Whether it’s the barbarity of the modern warfare waged by nation-states or international terrorism, it is all inhuman.  Let’s not forget that the twentieth century was the bloodiest in history, with governments all over the world guilty of collectively killing millions of people using increasingly-destructive weapons technology.  To illustrate the irony, when President Clinton reacted to Ibn Ladin’s assassination by referring to a long series of murderous attacks, he could have easily been talking about the ongoing US drone strikes in Pakistan that have killed hundreds of civilians.

Those interested in Ibn Ladin the man may wish to refer especially to two detailed interviews that he gave to ABC News and Al-Jazeera before 9/11.  In the ABC news interview, he condemned unprovoked terrorism but justified terrorism “against tyrants and oppressors in retaliation for their killing of innocent people.”  He also referred to the influential “younger” Saudi clerics, then in prison, as his mentors: the two leading ones, Salman al-‘Awdah and Safar al-Hawali, distanced themselves from him after 9/11 and criticised Al-Qaidah’s tactics.

To Al-Jazeera, Ibn Ladin spoke of his father’s civil engineering work and mentioned that his father was sometimes able to offer prayers in the three holiest mosques in a single day, i.e. in Mecca, Medina and Jerusalem, since his father’s company, the Saudi Bin Ladin Group (not to be confused with an Al-Qaidah cell) had the maintenance and renovation contracts at all three sites.  He also said, in a clear recruitment appeal, that the optimum age for Jihad fighters was from adulthood to about 35, but appeared to dodge the question as to whether or not he was involved in the 1989 assassination of Abdullah Azzam, in which other suspects include the KGB, KHAD, Hekmatyar, Zawahiri and Mossad.

Since his death, the praise for Ibn Ladin from some Islamists around the world may be largely based on those early days, since tens of thousands took part in that anti-Communist Jihad. (I did so briefly, Dec 1990 – Jan 1991 during Cambridge University’s undergraduate winter holidays, along with two other senior colleagues from the UK.) Unfortunately, his supporters seem to have forgotten, or ignored, what came next.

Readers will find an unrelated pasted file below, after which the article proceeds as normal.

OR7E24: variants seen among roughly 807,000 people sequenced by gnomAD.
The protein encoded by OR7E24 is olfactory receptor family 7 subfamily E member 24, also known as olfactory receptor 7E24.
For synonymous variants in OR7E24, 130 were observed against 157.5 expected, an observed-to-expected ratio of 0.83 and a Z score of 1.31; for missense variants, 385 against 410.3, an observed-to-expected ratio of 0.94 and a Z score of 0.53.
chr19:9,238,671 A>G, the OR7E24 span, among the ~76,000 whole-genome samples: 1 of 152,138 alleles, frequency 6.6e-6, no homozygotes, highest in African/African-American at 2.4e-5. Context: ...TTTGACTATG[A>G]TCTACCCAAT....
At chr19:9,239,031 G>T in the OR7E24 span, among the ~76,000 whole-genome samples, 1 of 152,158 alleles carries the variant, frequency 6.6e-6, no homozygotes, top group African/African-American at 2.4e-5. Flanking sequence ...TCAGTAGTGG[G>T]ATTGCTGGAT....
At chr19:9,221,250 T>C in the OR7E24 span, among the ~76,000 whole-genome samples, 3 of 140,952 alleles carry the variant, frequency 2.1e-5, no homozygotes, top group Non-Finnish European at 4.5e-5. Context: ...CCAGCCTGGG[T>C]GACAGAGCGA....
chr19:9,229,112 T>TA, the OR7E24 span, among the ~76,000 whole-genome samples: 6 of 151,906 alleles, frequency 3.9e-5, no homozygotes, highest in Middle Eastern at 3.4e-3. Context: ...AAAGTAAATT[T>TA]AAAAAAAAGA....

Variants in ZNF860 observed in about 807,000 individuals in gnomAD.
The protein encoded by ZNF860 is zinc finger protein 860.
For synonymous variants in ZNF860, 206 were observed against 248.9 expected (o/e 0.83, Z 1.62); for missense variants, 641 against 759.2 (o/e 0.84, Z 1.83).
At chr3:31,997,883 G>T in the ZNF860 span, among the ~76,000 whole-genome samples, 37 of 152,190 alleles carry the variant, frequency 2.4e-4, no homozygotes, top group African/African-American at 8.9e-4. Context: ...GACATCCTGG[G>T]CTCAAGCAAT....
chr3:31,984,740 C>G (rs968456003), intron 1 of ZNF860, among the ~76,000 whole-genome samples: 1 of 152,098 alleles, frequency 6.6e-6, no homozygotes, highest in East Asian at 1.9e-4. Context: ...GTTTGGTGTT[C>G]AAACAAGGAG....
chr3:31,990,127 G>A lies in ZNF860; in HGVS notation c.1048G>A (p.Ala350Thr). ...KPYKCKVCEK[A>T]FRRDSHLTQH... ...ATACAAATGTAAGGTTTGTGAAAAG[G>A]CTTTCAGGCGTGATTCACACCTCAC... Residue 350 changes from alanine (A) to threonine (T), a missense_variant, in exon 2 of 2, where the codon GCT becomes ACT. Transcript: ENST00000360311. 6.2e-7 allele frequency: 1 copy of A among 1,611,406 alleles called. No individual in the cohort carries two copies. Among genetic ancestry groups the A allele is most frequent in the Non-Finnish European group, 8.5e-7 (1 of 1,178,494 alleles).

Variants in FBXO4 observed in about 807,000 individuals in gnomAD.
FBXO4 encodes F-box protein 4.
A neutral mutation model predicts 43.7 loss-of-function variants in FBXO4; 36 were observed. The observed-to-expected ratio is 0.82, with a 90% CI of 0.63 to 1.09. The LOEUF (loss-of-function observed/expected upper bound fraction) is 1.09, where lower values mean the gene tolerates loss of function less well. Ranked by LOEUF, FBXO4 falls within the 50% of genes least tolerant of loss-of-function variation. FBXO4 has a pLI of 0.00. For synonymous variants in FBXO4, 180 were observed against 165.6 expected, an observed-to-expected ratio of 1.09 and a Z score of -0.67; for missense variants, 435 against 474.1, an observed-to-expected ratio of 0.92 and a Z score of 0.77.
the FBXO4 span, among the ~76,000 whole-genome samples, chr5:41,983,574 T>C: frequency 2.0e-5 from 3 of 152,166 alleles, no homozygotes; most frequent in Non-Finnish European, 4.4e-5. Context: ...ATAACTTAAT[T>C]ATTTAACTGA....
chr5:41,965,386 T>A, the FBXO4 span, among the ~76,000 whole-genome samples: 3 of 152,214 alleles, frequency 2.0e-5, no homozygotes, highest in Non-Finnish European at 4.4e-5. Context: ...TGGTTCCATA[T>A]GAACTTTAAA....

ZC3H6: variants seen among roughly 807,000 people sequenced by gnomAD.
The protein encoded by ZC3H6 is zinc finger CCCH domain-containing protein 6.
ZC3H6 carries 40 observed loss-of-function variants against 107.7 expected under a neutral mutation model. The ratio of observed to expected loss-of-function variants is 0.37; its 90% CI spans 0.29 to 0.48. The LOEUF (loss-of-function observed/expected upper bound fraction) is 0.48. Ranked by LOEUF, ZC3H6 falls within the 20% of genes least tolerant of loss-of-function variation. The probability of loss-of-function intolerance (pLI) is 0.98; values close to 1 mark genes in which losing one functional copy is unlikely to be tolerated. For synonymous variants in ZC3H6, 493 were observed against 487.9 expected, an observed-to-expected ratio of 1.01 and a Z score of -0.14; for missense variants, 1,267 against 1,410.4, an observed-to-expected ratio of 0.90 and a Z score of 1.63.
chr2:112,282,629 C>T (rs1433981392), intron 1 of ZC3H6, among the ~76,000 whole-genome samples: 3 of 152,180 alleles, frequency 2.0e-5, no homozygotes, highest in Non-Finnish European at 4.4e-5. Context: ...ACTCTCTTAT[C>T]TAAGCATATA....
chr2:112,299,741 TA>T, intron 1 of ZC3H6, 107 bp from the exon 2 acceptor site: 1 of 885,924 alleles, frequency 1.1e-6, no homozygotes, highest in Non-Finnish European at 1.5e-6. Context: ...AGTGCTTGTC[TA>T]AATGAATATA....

The Afghan mujahideen were largely religious and/or nationalist, and bitterly-divided, as the vicious civil war amongst them illustrated, 1992-6 after the fall of Kabul, until the Taliban disarmed the warlords and took power, heralding merely the latest in a long line of brutally violent phases that the Afghan people have endured over the last 30-40 years.

The Arab fighters tended to be pan-Islamist, and many were not able to return to their countries of origin, mainly ruled by Western-backed dictators and tyrants. The Islamists’ anti-Westernism was compounded by western support for Israel in its numerous conflicts with the Arabs. Their influence has been huge.  (Many Muslims today, even Western ones, still speak of “Islam and the West” instead of “Islam in the West.”)

After the fall of Kabul, many Arab mujahideen fought in Bosnia and later Chechnya.  A widespread idea in mujahideen circles was that these wars in Europe confirmed the teaching attributed to the Prophet Muhammad (pbuh), that “Jihad will continue until the Day of Resurrection” – Bosnia erupted soon after the fall of Kabul, and Chechnya followed closely.  Unfortunately, the Jihadists seemed unable to conceptualise non-violent, peaceful Jihads or struggles, e.g. those against colonial occupation, racism, apartheid, gender- or caste-discrimination, social injustice and poverty, that many peoples around the world have waged over the last century or so.